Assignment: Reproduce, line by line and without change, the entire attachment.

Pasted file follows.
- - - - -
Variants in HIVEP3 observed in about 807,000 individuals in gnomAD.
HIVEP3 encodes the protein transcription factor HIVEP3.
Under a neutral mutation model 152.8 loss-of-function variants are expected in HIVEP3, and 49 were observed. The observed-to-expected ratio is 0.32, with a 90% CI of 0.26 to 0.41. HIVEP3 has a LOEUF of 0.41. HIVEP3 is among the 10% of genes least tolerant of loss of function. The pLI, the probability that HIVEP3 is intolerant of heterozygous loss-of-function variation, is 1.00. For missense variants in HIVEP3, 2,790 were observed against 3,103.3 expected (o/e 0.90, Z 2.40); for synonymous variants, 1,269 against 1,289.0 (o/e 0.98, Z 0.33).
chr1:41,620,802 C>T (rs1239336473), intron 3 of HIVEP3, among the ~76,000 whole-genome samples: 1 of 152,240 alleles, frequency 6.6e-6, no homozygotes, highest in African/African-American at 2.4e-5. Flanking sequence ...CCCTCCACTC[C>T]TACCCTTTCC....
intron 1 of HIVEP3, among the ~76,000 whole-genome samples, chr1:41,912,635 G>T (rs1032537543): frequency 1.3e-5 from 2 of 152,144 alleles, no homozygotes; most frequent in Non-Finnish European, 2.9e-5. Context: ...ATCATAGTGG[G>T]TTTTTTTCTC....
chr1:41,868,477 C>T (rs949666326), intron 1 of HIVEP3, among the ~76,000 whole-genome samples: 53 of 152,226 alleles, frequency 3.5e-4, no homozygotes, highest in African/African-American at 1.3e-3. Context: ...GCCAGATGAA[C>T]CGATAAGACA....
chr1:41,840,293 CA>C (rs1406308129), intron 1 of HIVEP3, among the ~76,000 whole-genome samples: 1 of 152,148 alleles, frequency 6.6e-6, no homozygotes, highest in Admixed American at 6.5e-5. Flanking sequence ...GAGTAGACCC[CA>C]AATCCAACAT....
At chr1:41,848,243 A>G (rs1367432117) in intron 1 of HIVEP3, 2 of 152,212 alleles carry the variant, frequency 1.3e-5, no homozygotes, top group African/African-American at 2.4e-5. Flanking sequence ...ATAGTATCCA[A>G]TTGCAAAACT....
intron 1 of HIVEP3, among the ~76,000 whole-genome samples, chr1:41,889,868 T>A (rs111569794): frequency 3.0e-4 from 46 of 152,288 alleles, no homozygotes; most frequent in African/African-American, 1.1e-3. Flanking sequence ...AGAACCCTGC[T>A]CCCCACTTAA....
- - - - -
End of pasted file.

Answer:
Variants in HIVEP3 observed in about 807,000 individuals in gnomAD.
HIVEP3 encodes the protein transcription factor HIVEP3.
Under a neutral mutation model 152.8 loss-of-function variants are expected in HIVEP3, and 49 were observed. The observed-to-expected ratio is 0.32, with a 90% CI of 0.26 to 0.41. HIVEP3 has a LOEUF of 0.41. HIVEP3 is among the 10% of genes least tolerant of loss of function. The pLI, the probability that HIVEP3 is intolerant of heterozygous loss-of-function variation, is 1.00. For missense variants in HIVEP3, 2,790 were observed against 3,103.3 expected (o/e 0.90, Z 2.40); for synonymous variants, 1,269 against 1,289.0 (o/e 0.98, Z 0.33).
chr1:41,620,802 C>T (rs1239336473), intron 3 of HIVEP3, among the ~76,000 whole-genome samples: 1 of 152,240 alleles, frequency 6.6e-6, no homozygotes, highest in African/African-American at 2.4e-5. Flanking sequence ...CCCTCCACTC[C>T]TACCCTTTCC....
intron 1 of HIVEP3, among the ~76,000 whole-genome samples, chr1:41,912,635 G>T (rs1032537543): frequency 1.3e-5 from 2 of 152,144 alleles, no homozygotes; most frequent in Non-Finnish European, 2.9e-5. Context: ...ATCATAGTGG[G>T]TTTTTTTCTC....
chr1:41,868,477 C>T (rs949666326), intron 1 of HIVEP3, among the ~76,000 whole-genome samples: 53 of 152,226 alleles, frequency 3.5e-4, no homozygotes, highest in African/African-American at 1.3e-3. Context: ...GCCAGATGAA[C>T]CGATAAGACA....
chr1:41,840,293 CA>C (rs1406308129), intron 1 of HIVEP3, among the ~76,000 whole-genome samples: 1 of 152,148 alleles, frequency 6.6e-6, no homozygotes, highest in Admixed American at 6.5e-5. Flanking sequence ...GAGTAGACCC[CA>C]AATCCAACAT....
At chr1:41,848,243 A>G (rs1367432117) in intron 1 of HIVEP3, 2 of 152,212 alleles carry the variant, frequency 1.3e-5, no homozygotes, top group African/African-American at 2.4e-5. Flanking sequence ...ATAGTATCCA[A>G]TTGCAAAACT....
intron 1 of HIVEP3, among the ~76,000 whole-genome samples, chr1:41,889,868 T>A (rs111569794): frequency 3.0e-4 from 46 of 152,288 alleles, no homozygotes; most frequent in African/African-American, 1.1e-3. Flanking sequence ...AGAACCCTGC[T>A]CCCCACTTAA....